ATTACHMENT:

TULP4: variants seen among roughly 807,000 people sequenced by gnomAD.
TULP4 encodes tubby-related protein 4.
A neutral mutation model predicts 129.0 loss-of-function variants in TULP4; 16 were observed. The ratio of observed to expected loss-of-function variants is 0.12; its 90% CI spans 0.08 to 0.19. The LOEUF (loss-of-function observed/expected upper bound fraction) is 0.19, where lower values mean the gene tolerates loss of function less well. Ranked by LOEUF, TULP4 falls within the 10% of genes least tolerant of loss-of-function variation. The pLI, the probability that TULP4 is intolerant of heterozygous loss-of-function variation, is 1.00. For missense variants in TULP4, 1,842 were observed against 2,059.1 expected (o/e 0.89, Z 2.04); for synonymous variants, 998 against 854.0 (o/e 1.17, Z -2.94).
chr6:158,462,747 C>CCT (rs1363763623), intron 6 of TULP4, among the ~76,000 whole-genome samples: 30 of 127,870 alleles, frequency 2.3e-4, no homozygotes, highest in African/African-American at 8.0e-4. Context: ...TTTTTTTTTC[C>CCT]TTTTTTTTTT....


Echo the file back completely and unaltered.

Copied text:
TULP4: variants seen among roughly 807,000 people sequenced by gnomAD.
TULP4 encodes tubby-related protein 4.
A neutral mutation model predicts 129.0 loss-of-function variants in TULP4; 16 were observed. The ratio of observed to expected loss-of-function variants is 0.12; its 90% CI spans 0.08 to 0.19. The LOEUF (loss-of-function observed/expected upper bound fraction) is 0.19, where lower values mean the gene tolerates loss of function less well. Ranked by LOEUF, TULP4 falls within the 10% of genes least tolerant of loss-of-function variation. The pLI, the probability that TULP4 is intolerant of heterozygous loss-of-function variation, is 1.00. For missense variants in TULP4, 1,842 were observed against 2,059.1 expected (o/e 0.89, Z 2.04); for synonymous variants, 998 against 854.0 (o/e 1.17, Z -2.94).
chr6:158,462,747 C>CCT (rs1363763623), intron 6 of TULP4, among the ~76,000 whole-genome samples: 30 of 127,870 alleles, frequency 2.3e-4, no homozygotes, highest in African/African-American at 8.0e-4. Context: ...TTTTTTTTTC[C>CCT]TTTTTTTTTT....